That’s very interesting! i did not read all of the content as I said I sifted through it..time does not allow. Sounds as if he he is a bit of a chameleon then.. his personality type is don’t rock the boat for sure, however, my only experience of him in the discussion I had left me thinking he was in line with Church.. Oh well

        August 29, 2013 at 10:38 am
  • scottish priest


    I think you misunderstand me – the context in the discussion above was where do we get the teachings from – the oral tradition has to have a source in the spoken word handed down as clearly taught by the Church. If it did come down from the words of Jesus or the Apostles it didn’t just appear –
    My point Editor is that they are rooted in scripture

    August 27, 2013 at 12:55 pm
  • catholicconvert1


    Protestants do NOT believe in Sola Scriptura at all. Anyone who still maintains this gobsmacking lie is a moron. If the Protestant false Churches believe in Sola Scriptura then be a lamb, and tell me why they ordain women and sodomites? Why don’t they share our beliefs on the Eucharist? Go onto these links and yet again you’ll see why they are wrong and always have been:

    Sola Fide is not Biblical, either.

    Scottish Priest

    ‘this is what the evangelicals and protestants are coming to realise in big numbers in eh USA’. Please enlighten me.


    August 27, 2013 at 3:10 pm
    • Eileenanne

      I guess there are just so many different kinds of Protestants that we cannot say that any particular belief is “what Protestants believe”. Some, maybe most, do claim scripture as the sole authority. The problem may be that each sect interprets the Bible differently.

      I KNOW they are wrong. I’m a Catholic. If I believed Protestants (any kind) were right, I’d have to become a Protestant.

      August 27, 2013 at 4:45 pm
  • catholicconvert1

    The Assumption is in Scripture. It is in the Book of Revelation 12:1-5.

    August 27, 2013 at 4:47 pm
  • Josephine

    A friend sent me this report, see below. I thought this thread was the best place to put it, since the granting of “human rights” to contraception and abortion has let to the confused family relationship covered here:

    Please see the BBC article here…

    It seems Hilary Clinton is to be honoured at St. Andrews Uni next month for ‘championing human rights’. What’s this – some kind of sick joke?

    The most fundamental of all human rights is the right to be born – without this, all other human rights are meaningless.

    We need lots of protests, please, to the Principal – Professor Louise Richardson

    e-mail [email protected]

    College Gate
    North Street
    St Andrews
    KY16 9AJ
    Scotland, United Kingdom

    Tel: 01334 462544

    Protests to local papers would also be helpful, e.g. Fife Today

    23 Kirk Wynd

    KY1 1EP

    e-mail [email protected]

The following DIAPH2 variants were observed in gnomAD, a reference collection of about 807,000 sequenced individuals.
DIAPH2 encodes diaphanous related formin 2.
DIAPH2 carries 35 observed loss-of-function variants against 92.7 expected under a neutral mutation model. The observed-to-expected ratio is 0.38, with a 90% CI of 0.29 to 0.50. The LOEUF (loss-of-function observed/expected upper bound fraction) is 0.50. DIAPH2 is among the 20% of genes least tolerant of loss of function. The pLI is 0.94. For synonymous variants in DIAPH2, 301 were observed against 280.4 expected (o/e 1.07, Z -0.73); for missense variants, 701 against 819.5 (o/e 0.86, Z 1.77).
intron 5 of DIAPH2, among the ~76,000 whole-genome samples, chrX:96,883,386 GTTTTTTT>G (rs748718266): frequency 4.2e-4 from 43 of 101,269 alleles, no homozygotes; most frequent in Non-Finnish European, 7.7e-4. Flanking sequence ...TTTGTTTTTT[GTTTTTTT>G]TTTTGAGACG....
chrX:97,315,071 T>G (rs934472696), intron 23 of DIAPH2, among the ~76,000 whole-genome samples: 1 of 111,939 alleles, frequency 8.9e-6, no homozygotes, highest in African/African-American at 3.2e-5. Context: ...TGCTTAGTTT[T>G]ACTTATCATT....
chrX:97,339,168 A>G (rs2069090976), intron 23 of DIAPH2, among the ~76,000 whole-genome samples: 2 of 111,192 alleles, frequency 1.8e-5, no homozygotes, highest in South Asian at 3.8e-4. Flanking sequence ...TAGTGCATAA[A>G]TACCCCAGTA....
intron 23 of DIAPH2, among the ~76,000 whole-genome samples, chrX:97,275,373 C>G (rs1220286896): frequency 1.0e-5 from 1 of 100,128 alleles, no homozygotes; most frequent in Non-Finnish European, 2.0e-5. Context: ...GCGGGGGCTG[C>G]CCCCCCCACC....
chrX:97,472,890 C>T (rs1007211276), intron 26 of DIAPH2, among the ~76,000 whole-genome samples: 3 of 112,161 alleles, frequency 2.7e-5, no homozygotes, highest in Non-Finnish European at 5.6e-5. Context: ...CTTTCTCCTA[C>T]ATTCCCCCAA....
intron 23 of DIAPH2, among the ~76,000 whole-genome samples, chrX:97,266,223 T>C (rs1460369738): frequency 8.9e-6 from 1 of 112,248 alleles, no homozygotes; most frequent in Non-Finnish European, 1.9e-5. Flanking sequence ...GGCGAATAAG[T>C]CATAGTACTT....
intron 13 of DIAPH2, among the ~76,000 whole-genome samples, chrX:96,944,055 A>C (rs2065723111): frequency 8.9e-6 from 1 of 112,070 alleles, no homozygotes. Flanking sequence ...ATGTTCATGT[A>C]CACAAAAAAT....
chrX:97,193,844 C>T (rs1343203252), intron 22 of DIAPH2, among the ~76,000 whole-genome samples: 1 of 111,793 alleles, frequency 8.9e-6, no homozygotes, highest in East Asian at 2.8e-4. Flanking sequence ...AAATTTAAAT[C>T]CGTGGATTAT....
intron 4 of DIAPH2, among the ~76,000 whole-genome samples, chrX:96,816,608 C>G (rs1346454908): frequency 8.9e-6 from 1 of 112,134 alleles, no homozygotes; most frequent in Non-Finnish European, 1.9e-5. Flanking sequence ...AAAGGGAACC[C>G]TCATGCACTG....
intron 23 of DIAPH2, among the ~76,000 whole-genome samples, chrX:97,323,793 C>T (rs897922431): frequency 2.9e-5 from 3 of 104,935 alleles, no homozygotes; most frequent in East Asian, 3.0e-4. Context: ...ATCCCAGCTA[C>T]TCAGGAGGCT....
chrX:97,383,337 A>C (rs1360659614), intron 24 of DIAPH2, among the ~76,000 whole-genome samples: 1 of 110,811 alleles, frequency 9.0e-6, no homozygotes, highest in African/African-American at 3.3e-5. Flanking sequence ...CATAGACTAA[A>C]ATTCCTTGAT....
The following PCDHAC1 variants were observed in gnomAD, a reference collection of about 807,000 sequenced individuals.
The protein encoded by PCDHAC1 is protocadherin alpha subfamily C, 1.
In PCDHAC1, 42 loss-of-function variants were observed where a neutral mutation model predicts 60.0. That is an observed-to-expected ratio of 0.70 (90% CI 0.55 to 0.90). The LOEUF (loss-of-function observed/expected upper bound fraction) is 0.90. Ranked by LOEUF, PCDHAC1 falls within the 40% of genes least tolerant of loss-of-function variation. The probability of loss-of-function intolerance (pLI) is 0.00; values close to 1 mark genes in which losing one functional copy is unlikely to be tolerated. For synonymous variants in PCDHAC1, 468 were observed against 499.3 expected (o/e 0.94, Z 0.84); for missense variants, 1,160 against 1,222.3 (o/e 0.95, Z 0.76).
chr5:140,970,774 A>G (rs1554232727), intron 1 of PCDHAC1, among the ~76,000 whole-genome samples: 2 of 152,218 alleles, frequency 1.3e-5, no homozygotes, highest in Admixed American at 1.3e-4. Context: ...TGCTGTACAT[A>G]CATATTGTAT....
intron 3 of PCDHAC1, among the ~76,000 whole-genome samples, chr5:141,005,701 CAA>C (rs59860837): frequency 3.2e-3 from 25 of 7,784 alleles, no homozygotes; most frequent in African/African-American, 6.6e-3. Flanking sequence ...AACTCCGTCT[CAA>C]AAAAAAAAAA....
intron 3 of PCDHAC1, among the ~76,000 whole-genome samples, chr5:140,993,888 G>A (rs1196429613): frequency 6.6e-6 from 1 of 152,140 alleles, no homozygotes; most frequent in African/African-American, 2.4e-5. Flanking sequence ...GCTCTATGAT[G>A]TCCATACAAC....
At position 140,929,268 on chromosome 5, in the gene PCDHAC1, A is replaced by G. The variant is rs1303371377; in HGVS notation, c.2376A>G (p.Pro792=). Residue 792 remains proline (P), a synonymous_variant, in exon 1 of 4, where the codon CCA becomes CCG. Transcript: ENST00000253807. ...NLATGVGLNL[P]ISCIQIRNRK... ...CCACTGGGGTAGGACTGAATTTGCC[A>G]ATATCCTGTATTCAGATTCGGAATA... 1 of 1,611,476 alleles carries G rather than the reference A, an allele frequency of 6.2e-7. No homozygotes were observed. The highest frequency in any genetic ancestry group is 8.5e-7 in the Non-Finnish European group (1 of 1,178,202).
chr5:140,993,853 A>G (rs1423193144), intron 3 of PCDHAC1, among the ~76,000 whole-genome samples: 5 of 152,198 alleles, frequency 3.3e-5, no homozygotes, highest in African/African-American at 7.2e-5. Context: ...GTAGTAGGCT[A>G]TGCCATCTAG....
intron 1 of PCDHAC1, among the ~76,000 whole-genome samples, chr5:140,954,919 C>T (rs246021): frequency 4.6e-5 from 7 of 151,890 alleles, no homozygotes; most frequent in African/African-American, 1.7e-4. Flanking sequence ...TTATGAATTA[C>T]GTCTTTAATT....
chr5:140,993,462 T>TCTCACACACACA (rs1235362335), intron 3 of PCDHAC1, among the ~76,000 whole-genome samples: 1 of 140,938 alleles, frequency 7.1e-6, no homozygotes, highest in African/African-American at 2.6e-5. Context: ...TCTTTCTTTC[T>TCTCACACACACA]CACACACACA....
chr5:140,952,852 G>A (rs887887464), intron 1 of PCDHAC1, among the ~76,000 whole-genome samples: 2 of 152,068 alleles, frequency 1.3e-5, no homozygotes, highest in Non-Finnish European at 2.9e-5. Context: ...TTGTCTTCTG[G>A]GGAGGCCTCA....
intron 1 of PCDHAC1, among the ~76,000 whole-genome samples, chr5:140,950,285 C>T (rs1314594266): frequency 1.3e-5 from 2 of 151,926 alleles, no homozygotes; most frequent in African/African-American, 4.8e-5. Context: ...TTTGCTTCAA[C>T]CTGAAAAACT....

Tel: 01592 598808

    August 28, 2013 at 1:50 pm
  • catholicconvert1

    Scottish Priest

    Could you post a link to show the number of US evangelicals/ Protestants who you say are converting?


    August 29, 2013 at 11:51 am
  • scottish priest

    catholic answers ( or the Journey home has someone new almost every week, they may be able to give you a more accurate number of ministers converting tot the faith but its pretty high.. in the 100’s I believe

    August 29, 2013 at 2:06 pm
  • Margaret Mary

    Catholic Answers is not a very reliable source, if you follow their attacks on traditionalists and the response of The Remnant Newspaper (American)

    August 29, 2013 at 4:16 pm
  • Leo

    Scottish Priest and Catholicconvert1

    I know this is a bit behind time, but the following might be of interest on the question of how the New Advent, New Springtime, New Evangelisation, Nuclear devastation is progressing in the US. It doesn’t deal with Protestants converting, but rather with the traffic in the opposite direction. Crisis with bells on, I would say. I know one neo-Cath bigwig has used the conversion line to defend the Conciliar destruction, but that smacks of desperation to me.

    The attached link is interesting because this highlighting of the slow motion train crash that is taking place in the Church in the US comes from someone who is far removed from the traditionalist camp. I believe, although I’m open to correction, that Ralph Martin is a big noise in the Charismatic Movement.

    I think I’m correct in saying that 20% of the US population is nominally Catholic. Polls after the last two Presidential elections claim that Catholics voted in the same proportion as others i.e. on two occasions a majority voted for an antichrist Alinskyite who is waging full frontal warfare against the Kingship of Christ, indeed against natural law itself.

    Even allowing for turnout figures, it is a matter of fact that if US Catholics exercised their franchise as one would expect any semi-conscious, faithful, believing Catholic to vote, then a creature such as Obama, or Clinton or any other Democrat or indeed Republican who regarded the butchering of unborn children or the celebration of sodomy as a matter of principle and “rights” would be totally and permanently unelectable.

    What exactly does that say about Conciliar New Evangelisation?

    August 30, 2013 at 10:52 pm
  • Lily

    I think this action in Germany is a frightening warning of where home-schooling can lead

    I have friends who home-school in the USA, England and Scotland. Reading this discussion thread, Modern Family Life seems to have led to promiscuity and any sign of families wanting to redress the balance is likely to be suppressed.

    August 31, 2013 at 1:37 pm
  • Margaret Mary


    I’ve read that report right through and it is a total disgrace. I think surely an organisation like Lifesitenews or maybe the Christian Institute should be able to fund a court case to the EU Human Rights court about this? It’s an absolute outrage. It’s institutionalised bullying of parents and a complete erosion of their rights to educate their children at home if they choose. I hope it could never happen here but who knows.

    August 31, 2013 at 5:14 pm